No room for the boom to zoom through an uncertain 1977
No room for the boom to zoom through an uncertain 1977
The Canadian economy is clearly running out of steam. Economists tend to treat questions about their forecasts for 1977 with the exasperated patience of adults attempting conjuring tricks at noisy childrens’ birthday parties. “It’s a numbers game,” they protest wearily, and in fact the variables are virtually infinite. But the numbers currently are looking sharply worse. The projections of the Conference Board in Canada, a respected if pessimistic private forecasting unit, overshadowed the more cheerful longer-term view of the semiofficial Economic Council when both were issued in late December, partly because the Conference Board was using more recent data. (See box for other forecasts.) The differences are significant. If unemployment averages 7.9%, as the Conference Board predicts, its peak and its regional impact could be much higher. Releasing the report, Robert René de Cotret, the board’s president, spoke darkly of the danger of “an abortion of the current economic recovery such as occurred in the early 1960s.”
Figures for the third quarter of 1976, released in late November, show, for example, that business investment (apart from residential construction) fell at the equivalent of an annual rate of 22.8%. “Canada has little hope (in 1977) of attaining a rate of economic growth close to its
Forecasting the 1977 economy
long-term average of 4Vi% to 5%,” says Judith Maxwell, a senior economist of the C.D. Howe Research Institute. “The momentum is simply not there.”
This is a particularly ominous development for the federal government. It’s generally accepted that Gross National Product growth of at least 4% is the minimum required to employ each year’s new entrants to the labor force. Below that unemployment will rise.
But looked at another way—economics can always be looked at another way—Ottawa is proclaiming itself encouraged. Whether because of the Anti-Inflation Board, the slowdown in world and domestic demand or the fortuitous decline in food prices, inflation is gradually being wrung out of the system. The Consumer Price Index was up only 5.6% from November, 1975, to November, 1976, compared with 10.4% for the previous 12 months, and other indices show similar abatement. Since Canadian wages are running 12% to 20% higher than similar costs in the United States, this trend could signal the beginning of a return to competitiveness on a world scale. But precisely because of the fight against inflation, the economy has been receiving less stimulation than normal from government spending and fiscal policies. The Bank of Canada has been over-achieving its goal of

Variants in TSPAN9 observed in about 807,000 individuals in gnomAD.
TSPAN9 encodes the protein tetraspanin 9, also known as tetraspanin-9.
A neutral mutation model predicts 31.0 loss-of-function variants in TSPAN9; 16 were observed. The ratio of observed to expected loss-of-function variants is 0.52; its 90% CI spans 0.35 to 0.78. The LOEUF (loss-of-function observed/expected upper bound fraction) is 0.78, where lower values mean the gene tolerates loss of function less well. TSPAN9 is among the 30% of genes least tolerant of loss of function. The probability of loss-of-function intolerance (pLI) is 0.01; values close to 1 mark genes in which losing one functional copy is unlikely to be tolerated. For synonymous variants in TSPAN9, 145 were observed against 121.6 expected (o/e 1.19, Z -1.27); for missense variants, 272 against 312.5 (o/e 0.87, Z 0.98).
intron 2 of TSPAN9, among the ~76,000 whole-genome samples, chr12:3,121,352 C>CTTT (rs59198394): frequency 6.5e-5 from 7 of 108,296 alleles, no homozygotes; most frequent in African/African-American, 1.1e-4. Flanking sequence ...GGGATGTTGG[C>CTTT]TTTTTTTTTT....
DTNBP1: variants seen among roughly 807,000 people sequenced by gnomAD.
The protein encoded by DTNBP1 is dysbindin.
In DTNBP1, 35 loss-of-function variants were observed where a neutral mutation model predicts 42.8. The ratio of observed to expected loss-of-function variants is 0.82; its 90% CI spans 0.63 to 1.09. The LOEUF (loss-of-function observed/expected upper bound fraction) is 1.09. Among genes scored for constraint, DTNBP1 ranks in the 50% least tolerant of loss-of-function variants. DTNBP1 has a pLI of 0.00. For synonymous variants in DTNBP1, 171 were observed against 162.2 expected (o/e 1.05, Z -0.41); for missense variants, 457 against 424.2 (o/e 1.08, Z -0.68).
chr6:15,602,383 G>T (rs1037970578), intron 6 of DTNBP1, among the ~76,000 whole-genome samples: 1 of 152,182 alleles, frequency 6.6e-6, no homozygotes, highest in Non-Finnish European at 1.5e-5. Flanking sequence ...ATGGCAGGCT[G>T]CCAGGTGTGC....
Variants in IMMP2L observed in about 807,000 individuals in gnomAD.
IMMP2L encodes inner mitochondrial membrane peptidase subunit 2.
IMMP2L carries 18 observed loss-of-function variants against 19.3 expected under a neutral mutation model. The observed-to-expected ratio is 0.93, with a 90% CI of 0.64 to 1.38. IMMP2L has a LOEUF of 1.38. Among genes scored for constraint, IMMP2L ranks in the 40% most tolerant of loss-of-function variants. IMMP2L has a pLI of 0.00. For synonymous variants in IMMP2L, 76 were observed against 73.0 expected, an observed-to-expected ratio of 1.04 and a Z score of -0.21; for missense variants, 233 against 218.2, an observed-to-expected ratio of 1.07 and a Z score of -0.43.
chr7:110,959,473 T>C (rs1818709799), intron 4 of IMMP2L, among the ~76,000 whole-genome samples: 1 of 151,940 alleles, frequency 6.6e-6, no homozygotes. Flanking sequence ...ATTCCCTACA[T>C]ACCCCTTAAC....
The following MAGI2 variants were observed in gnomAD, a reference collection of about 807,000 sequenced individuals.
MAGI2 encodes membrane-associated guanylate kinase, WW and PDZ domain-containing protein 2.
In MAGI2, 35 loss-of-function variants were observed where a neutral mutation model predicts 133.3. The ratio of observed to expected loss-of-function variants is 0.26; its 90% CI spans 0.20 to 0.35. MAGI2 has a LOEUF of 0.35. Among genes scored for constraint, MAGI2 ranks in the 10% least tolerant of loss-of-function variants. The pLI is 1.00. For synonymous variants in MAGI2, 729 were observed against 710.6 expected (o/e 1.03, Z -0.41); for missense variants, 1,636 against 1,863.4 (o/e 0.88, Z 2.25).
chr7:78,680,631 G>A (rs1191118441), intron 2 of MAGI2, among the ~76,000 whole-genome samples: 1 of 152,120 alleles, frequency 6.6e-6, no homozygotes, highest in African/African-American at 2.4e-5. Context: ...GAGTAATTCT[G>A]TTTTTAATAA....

holding money supply growth down to 8% to 12%, and has even felt able to reduce the bank rate by a full point in two moves in the closing weeks of the year. A further fall is expected in the spring.
However much quarreling there is about estimates for growth in the major sectors of the domestic economy, such as housing and business investment, even optimists concede that, essentially, Canada’s prospects next year depend upon the health of her major trading partners, especially the United States. Strong demand for Canadian exports will have to supply the stimulus that neither private nor public action seem able to generate. That means the U.S. Gross National Product probably will have to grow by at least 5%; current estimates generally vary between 4% and 5 Wo. “That 1% or \Wo will make or break us,” says Barry Zukerman, superintendent of investments at Toronto-Dominion Bank.